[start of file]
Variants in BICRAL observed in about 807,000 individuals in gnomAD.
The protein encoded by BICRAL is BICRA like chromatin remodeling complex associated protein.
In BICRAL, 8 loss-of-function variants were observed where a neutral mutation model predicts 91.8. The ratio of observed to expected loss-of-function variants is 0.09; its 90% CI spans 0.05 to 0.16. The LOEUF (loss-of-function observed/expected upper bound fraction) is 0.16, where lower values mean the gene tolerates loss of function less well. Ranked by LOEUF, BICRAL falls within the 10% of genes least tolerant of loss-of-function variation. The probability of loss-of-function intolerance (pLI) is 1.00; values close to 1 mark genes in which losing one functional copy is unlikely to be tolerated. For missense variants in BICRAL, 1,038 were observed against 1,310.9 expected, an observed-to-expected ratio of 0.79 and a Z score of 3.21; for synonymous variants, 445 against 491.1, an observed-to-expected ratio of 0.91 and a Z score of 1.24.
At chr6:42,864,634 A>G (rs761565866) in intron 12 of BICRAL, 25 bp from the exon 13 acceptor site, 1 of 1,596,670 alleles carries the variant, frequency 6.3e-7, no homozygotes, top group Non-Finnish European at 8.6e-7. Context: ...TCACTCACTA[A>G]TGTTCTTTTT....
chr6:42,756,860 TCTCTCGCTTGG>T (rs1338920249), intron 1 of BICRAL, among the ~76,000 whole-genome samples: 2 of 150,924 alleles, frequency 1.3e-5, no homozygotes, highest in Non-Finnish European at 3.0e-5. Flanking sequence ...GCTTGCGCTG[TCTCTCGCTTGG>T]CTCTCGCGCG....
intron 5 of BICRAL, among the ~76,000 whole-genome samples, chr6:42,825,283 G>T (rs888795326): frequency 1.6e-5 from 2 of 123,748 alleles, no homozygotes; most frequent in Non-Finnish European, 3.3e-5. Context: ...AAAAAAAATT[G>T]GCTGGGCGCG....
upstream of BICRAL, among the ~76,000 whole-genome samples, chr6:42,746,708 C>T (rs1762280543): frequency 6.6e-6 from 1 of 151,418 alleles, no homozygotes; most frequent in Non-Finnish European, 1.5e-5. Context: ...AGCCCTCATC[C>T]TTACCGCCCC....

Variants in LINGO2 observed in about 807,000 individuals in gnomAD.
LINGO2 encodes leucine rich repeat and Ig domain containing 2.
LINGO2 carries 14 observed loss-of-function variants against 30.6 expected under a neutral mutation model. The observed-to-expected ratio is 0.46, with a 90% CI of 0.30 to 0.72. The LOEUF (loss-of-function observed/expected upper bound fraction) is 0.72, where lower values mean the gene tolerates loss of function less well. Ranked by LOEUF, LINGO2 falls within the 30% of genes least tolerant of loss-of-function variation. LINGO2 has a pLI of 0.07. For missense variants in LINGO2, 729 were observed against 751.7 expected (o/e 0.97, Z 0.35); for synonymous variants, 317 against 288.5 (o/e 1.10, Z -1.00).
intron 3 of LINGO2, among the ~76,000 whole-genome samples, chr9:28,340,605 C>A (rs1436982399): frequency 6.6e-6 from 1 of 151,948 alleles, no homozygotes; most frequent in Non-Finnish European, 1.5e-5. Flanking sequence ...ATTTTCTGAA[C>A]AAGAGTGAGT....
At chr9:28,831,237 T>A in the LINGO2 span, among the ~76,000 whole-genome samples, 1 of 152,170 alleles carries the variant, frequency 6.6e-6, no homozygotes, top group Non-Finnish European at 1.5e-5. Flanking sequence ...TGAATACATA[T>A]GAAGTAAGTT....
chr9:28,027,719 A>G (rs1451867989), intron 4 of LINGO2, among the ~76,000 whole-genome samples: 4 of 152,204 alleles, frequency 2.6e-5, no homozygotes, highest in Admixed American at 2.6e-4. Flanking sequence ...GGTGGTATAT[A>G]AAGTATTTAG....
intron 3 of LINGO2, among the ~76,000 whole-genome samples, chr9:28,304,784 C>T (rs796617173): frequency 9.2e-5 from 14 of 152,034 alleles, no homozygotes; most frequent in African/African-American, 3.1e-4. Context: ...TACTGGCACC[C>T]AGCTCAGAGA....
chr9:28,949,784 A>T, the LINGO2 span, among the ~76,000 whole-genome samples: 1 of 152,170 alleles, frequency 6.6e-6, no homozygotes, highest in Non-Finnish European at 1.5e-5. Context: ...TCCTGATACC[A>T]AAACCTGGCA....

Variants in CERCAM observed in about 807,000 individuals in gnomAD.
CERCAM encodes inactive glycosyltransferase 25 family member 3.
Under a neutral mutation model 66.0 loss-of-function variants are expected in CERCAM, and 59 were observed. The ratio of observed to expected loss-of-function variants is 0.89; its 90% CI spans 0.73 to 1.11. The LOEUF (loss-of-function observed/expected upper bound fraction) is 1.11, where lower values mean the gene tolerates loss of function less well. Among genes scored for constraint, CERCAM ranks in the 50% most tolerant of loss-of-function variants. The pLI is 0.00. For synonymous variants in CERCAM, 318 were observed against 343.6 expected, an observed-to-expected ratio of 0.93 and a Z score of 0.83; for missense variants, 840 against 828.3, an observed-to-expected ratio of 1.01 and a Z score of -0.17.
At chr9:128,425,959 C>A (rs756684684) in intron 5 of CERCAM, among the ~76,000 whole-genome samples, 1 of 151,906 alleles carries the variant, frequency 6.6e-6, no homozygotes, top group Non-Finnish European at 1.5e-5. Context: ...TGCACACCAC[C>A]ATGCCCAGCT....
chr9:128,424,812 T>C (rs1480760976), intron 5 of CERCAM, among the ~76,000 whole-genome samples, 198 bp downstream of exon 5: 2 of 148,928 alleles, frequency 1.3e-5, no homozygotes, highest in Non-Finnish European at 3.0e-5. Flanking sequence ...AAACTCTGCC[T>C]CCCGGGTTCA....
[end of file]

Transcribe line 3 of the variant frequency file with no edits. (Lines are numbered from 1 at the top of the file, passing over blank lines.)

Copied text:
In BICRAL, 8 loss-of-function variants were observed where a neutral mutation model predicts 91.8. The ratio of observed to expected loss-of-function variants is 0.09; its 90% CI spans 0.05 to 0.16. The LOEUF (loss-of-function observed/expected upper bound fraction) is 0.16, where lower values mean the gene tolerates loss of function less well. Ranked by LOEUF, BICRAL falls within the 10% of genes least tolerant of loss-of-function variation. The probability of loss-of-function intolerance (pLI) is 1.00; values close to 1 mark genes in which losing one functional copy is unlikely to be tolerated. For missense variants in BICRAL, 1,038 were observed against 1,310.9 expected, an observed-to-expected ratio of 0.79 and a Z score of 3.21; for synonymous variants, 445 against 491.1, an observed-to-expected ratio of 0.91 and a Z score of 1.24.